Saturday, May 17, 2008

License to Wed

Fun Loving Comedy

I’m sure we all know what it’s like to be ‘in love’ with someone. We all know how tough marriage can be. We all know how hard any relationship is for the most part. The divorce rate alone scares me to death! Now, take a newly engaged couple (man and woman) who is totally in love, never fight, and in the midst of planning their wedding. Bride to be Sadie is played by singer / actor Mandy Moore and her other half Ben is played by John Krashinski. Sadie and Ben feel that they are so compatible that nothing can go wrong, or pull them apart. Robin Williams plays Reverend Frank, who insists that in order to marry in the family church, they must pass his personally developed marriage prep course. The course concentrates on trust, communication, fair fighting, and more. Keep in mind that one of the rules is no sex, and the reverend has bugged their home so he knows EVERYTHING! The prep course even takes them through a trial run of what it would be like to have children. Not just A child, but twins. Twin robots that is; they poop, cry, etc.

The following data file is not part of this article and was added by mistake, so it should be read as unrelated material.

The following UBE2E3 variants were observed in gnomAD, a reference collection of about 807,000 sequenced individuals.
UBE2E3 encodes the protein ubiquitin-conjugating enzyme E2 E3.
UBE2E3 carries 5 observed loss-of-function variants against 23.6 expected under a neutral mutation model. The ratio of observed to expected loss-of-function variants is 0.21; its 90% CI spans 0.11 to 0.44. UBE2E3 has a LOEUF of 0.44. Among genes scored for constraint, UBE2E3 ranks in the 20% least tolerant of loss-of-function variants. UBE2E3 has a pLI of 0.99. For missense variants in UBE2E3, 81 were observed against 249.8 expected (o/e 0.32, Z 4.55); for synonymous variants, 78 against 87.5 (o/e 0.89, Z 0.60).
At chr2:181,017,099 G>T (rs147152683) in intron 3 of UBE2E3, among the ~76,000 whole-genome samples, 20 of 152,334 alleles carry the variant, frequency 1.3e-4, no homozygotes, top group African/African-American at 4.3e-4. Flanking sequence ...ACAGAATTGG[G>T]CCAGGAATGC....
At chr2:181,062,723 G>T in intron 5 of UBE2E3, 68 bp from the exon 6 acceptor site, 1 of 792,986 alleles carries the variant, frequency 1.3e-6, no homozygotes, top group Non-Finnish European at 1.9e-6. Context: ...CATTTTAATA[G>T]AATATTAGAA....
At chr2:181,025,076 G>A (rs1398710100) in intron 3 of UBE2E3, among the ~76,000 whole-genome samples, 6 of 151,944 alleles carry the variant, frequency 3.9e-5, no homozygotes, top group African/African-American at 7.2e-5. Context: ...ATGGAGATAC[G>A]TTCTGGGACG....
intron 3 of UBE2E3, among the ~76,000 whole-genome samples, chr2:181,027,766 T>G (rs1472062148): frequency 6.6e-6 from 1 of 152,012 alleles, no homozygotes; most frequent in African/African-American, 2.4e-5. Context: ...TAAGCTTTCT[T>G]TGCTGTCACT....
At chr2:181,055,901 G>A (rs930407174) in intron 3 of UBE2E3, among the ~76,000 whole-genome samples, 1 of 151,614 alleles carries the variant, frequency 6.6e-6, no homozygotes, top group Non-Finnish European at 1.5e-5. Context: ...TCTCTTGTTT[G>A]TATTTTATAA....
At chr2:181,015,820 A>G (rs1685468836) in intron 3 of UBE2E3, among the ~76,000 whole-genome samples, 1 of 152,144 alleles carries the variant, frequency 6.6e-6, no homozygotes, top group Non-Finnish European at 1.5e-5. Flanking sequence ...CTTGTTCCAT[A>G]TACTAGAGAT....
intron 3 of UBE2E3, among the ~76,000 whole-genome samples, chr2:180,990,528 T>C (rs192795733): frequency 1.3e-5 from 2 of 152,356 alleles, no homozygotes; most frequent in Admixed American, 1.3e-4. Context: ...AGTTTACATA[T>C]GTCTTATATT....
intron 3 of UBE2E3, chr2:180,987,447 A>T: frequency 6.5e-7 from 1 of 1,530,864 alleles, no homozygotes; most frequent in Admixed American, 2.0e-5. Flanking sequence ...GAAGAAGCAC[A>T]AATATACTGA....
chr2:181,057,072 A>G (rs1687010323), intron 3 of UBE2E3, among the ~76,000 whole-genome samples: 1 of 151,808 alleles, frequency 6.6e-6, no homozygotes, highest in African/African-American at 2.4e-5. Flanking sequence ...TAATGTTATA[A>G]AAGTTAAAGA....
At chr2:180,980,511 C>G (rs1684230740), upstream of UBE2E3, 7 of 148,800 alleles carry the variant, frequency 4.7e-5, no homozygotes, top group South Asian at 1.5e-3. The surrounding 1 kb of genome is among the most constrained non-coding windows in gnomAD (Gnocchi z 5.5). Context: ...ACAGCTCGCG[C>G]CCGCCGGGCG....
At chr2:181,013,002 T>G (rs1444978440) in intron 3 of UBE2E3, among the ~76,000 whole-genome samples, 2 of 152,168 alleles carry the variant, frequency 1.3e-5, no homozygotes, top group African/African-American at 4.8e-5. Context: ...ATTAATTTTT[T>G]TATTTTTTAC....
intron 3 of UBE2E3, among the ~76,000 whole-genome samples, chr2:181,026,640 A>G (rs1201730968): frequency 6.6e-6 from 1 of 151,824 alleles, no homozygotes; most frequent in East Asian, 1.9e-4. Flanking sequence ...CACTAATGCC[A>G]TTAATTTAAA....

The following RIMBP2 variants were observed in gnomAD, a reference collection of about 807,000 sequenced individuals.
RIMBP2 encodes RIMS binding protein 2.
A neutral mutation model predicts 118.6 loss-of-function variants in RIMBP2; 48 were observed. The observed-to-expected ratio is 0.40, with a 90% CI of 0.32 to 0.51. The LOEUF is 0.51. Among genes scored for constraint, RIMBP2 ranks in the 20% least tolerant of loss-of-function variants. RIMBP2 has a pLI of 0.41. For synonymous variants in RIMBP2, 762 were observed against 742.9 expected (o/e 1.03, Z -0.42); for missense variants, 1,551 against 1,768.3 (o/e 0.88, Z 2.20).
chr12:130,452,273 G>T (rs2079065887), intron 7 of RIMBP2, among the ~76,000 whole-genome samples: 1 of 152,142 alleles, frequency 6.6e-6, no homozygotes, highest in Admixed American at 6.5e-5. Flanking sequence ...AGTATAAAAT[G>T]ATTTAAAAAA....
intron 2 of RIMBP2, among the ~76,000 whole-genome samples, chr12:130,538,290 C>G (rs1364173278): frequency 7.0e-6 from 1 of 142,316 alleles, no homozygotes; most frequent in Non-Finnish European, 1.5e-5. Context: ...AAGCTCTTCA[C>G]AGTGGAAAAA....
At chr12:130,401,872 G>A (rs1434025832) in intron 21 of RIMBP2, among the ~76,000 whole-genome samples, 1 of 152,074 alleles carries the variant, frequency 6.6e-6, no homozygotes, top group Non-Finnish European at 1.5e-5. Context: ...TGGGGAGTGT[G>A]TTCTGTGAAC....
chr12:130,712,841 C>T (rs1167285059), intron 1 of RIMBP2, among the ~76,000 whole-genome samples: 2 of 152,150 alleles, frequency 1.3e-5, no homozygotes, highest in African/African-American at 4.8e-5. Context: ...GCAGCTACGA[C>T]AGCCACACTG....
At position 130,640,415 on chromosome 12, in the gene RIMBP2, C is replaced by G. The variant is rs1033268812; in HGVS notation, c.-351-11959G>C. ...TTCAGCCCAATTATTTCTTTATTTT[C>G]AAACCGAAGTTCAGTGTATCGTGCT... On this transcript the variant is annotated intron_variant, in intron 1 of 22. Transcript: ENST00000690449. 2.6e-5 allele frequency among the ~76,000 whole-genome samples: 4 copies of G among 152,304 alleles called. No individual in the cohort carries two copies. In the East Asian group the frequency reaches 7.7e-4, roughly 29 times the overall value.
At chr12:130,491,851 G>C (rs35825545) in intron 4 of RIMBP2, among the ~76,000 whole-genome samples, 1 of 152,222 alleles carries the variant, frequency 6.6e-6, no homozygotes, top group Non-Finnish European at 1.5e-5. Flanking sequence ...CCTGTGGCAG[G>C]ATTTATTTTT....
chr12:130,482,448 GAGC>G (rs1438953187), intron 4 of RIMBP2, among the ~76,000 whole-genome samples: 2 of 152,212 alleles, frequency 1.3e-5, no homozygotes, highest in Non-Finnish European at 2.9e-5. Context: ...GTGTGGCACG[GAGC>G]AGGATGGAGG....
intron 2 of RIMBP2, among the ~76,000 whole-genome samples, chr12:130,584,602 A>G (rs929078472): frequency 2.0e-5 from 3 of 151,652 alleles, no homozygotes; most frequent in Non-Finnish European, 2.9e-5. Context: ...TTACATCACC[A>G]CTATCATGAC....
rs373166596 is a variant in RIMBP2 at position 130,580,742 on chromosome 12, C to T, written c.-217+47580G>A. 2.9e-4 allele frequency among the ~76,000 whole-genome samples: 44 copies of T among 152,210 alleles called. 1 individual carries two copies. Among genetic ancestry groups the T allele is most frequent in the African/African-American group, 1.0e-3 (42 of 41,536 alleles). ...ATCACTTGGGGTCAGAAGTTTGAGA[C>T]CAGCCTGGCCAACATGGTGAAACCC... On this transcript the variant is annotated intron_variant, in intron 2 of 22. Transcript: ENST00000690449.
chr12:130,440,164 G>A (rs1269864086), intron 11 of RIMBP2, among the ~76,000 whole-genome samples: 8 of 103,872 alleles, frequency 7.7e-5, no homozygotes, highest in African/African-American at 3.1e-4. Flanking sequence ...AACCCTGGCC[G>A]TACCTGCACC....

I especially like the part in the movie where Ben is asked to describe something about each member of Sadie’s family. Need I say more? I’ll leave it at that, and you probably already have an idea where this goes! Can’t imagine what I would say about my in laws! My favorite scene in the whole movie was when Reverend Frank stops over to the home of the couple and Sadie begins to talk to the reverend about their sex life. Ben becomes a bit disturbed by this, and thus he is not a happy camper! Of course this leads to some disappointing words between the newly engaged couple. The bottom line is to help the couple understand each other, communicate, and everything else that goes along with making a marriage work.
All in all, the movie is quite amusing, and at times absurdly entertaining. It eludes to educate the audience about marriage to some degree. It seems that Robin Williams is the key to holding the entire film together with his sense of humor, and witty responsiveness to the developments or subjects at hand.

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